Lot 3089. A carved wood figure of Fudo Myo-O, Japan, Heian period, 12th century; 92.2 cm, 36 1/4 in. Estimate 600,000 — 800,000 HKD (63,069 - 84,091 EUR). Lot Sold 1,000,000 HKD. © Sotheby's 2018.
the Immovable Wisdom King worked from a single block of cypress wood in the ichiboku zukuri technique, powerfully carved standing with his body leaning to one side, simply dressed with a loincloth knotted at the waist and cascading in waves (hompa) over his hips, his face portrayed with a fierce stare detailed with rolling eyes and exposed fangs, the wood patinated to a dark brown colour, stand.
The outcome of Carbon-14 testing is consistent with the dating of this lot.
Provenance: An American private collection, Rhodes Island.
Shirley Day, London.
Note: Wood sculpture of the Heian period in Japan count among the most powerful Buddhist images, and this particularly moving sculpture of Fudo Myo-o can be compared to other masterpieces of wood carving of the period such as the Guardian King of the Four Directions preserved in the Metropolitan Museum of Art, accession number 1975.268.165, illustrated on https://www.metmuseum.org/art/collection/search/44840.
Its specific iconography is related to the very famous early Heian painting of the red Fudo preserved in the Myoo-in of the mount Koya temple in Wakayama, the main centre of Esoteric (Shingon) Buddhism in Japan, published in Sherman E. Lee, A History of Far Eastern Art, New York, 1964, p. 289, fig. 1.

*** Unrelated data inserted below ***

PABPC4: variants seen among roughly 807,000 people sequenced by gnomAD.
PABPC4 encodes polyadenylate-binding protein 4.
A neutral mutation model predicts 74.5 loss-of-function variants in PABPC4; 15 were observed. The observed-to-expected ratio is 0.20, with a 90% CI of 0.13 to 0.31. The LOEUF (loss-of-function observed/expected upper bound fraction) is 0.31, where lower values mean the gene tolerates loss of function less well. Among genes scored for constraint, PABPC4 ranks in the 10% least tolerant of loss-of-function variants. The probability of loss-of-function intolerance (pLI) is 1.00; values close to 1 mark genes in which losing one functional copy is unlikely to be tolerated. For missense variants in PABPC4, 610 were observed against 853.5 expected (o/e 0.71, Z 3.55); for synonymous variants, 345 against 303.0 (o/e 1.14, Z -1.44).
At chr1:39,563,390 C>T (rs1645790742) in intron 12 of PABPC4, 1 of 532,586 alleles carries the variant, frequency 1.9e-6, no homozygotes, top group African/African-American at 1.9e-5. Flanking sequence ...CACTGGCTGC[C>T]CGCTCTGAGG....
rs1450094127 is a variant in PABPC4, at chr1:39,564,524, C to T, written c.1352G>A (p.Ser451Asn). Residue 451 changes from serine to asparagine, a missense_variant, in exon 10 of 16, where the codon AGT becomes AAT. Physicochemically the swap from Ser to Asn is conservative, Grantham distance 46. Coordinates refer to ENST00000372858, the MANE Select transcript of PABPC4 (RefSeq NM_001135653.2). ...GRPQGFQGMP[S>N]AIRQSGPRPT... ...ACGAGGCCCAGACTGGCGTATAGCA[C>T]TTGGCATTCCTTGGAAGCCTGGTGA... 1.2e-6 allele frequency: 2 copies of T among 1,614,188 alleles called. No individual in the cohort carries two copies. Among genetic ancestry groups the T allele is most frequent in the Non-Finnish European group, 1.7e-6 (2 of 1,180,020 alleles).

Fudo, one of the Five Wisdom Kings (Myo-o) and protector of the faithful, is here similarly depicted with furrowed brows, rolling glaring eyes and typically with one protruding fang up and the other down. He would have been holding a vajra sword in his right hand, with a thunderbolt and dragon coiled along the blade, and a coiled rope (kensaku) in his left hand. He wears a simple loincloth knotted around his waist and cascading in waves (hompa) down his thigh. This sculptural style of draperies originally derived from the colossal Buddha that was formerly in Bamyan, Afghanistan, and was an important focus for the Buddhist pilgrims travelling along the central Asia route to India (ibid., p. 286).
A dating to the mid Heian period, corroborated by a carbon test placing this figure within the eleventh to twelfth century, well illustrated the prevalence during the earlier Heian or Jogan period of the precepts of Esoteric Buddhism, while the worship of the Buddha of the West Amida would become more preeminent during the latter part of the Heian or Fujiwara period.
The conception of the sculpture, carved in one block in the ichiboku-zukuri technique is also consistent with an earlier Heian period dating, wood sculptures of the latter Heian and succeeding Kamakura period being usually conceived from hollowed out segments, carved separately and subsequently re-assembled together (yosegi and warihagi zukuri). This would also explain the loss of the arms which had probably been carved separately from different blocks and affixed to the torso.
Sotheby's. Curiosity IV, Hong Kong, 02 Apr 2018, 10:30 AM